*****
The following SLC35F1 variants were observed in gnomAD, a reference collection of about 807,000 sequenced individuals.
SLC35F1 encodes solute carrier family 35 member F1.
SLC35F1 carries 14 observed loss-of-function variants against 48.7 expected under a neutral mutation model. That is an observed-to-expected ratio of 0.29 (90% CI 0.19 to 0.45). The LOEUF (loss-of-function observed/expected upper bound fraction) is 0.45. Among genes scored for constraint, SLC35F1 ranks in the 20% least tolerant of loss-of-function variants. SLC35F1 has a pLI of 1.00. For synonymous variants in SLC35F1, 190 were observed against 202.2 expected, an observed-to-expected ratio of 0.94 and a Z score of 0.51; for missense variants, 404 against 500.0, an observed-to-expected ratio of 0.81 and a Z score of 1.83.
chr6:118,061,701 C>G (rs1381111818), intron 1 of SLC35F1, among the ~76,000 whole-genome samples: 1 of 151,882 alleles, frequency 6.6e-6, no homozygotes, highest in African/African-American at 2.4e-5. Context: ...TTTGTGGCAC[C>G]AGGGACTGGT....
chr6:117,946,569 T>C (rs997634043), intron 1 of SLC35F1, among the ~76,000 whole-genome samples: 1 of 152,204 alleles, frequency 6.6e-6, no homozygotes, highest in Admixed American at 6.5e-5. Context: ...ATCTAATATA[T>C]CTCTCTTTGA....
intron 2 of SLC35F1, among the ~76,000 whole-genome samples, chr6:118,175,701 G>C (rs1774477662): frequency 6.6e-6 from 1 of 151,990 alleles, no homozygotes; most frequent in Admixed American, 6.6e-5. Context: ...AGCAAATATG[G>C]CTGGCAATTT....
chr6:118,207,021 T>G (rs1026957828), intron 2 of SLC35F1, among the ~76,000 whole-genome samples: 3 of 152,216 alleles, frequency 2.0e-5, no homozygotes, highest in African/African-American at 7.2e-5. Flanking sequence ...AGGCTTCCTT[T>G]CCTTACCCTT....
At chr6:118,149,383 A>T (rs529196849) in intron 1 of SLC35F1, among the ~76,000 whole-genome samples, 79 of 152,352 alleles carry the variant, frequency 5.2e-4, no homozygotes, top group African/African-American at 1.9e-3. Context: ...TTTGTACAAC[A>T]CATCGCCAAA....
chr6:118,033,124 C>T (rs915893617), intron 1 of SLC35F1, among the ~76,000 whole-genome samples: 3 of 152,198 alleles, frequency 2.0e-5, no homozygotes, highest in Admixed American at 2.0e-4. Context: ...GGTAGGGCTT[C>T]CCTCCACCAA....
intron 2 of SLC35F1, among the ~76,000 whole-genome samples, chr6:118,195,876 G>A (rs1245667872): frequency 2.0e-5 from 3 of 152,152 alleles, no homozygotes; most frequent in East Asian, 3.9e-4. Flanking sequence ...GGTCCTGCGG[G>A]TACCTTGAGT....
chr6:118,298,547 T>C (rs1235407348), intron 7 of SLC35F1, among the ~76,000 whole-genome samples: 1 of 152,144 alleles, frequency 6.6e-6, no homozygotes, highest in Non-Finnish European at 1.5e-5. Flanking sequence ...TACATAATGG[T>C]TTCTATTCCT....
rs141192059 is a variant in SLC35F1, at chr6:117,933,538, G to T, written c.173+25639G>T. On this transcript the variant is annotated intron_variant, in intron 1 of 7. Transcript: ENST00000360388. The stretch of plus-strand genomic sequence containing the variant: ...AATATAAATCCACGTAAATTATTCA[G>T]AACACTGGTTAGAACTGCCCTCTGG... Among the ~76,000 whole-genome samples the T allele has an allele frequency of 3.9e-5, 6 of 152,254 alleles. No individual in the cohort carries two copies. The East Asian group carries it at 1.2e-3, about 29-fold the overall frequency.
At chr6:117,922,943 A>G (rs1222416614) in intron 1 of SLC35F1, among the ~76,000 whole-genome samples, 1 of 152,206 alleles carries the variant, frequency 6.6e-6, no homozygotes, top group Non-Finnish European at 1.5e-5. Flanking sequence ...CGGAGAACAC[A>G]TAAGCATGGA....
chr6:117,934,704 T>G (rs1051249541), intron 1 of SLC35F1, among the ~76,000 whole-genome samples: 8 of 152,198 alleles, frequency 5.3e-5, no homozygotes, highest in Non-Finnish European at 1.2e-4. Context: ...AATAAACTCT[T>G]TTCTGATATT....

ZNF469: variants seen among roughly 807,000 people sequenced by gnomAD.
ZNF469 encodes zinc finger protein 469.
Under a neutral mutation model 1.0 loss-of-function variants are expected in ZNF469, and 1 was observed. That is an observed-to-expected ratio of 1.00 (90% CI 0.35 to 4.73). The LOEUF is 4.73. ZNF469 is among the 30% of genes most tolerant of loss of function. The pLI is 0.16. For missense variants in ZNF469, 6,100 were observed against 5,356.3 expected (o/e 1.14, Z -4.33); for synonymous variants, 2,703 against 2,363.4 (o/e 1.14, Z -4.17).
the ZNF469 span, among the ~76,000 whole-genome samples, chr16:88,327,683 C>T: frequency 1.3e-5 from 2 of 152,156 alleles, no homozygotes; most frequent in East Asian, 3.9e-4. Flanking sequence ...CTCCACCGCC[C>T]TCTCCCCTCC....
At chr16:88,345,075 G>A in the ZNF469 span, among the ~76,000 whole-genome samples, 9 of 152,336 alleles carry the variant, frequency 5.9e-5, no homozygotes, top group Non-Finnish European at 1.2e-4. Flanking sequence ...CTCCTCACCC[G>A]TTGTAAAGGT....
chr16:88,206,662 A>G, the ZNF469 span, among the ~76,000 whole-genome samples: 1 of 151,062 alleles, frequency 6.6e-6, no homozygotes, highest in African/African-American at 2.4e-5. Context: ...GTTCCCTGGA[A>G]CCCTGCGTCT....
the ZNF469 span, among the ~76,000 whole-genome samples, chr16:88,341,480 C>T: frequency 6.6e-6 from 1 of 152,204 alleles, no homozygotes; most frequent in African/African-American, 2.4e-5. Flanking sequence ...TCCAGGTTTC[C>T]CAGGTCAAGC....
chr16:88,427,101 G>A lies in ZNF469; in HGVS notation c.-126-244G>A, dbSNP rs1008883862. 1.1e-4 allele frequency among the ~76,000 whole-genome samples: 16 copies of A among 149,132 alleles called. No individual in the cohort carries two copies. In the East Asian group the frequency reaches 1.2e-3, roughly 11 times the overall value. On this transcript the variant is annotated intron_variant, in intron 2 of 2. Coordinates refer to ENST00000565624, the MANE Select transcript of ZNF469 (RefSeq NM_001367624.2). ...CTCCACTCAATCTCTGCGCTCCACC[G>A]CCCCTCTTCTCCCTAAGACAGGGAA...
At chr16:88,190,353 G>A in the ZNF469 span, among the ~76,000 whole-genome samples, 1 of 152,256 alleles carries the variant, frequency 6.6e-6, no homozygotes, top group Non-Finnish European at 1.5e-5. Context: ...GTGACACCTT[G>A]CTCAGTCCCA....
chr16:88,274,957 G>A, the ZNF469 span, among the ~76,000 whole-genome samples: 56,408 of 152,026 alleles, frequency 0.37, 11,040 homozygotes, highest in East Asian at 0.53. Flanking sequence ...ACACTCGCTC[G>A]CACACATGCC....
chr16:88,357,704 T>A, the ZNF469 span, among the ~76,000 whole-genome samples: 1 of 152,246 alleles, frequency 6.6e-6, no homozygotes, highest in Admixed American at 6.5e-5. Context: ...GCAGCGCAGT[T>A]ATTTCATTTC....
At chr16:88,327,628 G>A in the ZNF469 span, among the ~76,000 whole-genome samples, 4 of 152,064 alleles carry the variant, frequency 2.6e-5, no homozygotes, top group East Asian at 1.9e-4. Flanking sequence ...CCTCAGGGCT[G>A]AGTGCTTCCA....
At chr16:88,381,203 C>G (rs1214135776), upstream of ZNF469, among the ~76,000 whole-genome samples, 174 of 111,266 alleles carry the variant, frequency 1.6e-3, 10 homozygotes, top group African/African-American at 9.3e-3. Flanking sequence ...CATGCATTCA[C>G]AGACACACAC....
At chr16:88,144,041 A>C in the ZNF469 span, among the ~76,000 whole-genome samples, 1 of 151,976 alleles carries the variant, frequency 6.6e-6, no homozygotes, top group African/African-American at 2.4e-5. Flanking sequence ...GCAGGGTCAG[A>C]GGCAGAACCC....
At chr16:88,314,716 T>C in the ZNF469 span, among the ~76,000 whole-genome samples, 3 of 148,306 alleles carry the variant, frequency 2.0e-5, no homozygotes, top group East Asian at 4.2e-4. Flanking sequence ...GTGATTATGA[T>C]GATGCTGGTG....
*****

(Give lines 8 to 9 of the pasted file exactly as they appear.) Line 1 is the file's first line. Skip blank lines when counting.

At chr6:118,149,383 A>T (rs529196849) in intron 1 of SLC35F1, among the ~76,000 whole-genome samples, 79 of 152,352 alleles carry the variant, frequency 5.2e-4, no homozygotes, top group African/African-American at 1.9e-3. Context: ...TTTGTACAAC[A>T]CATCGCCAAA....
chr6:118,033,124 C>T (rs915893617), intron 1 of SLC35F1, among the ~76,000 whole-genome samples: 3 of 152,198 alleles, frequency 2.0e-5, no homozygotes, highest in Admixed American at 2.0e-4. Context: ...GGTAGGGCTT[C>T]CCTCCACCAA....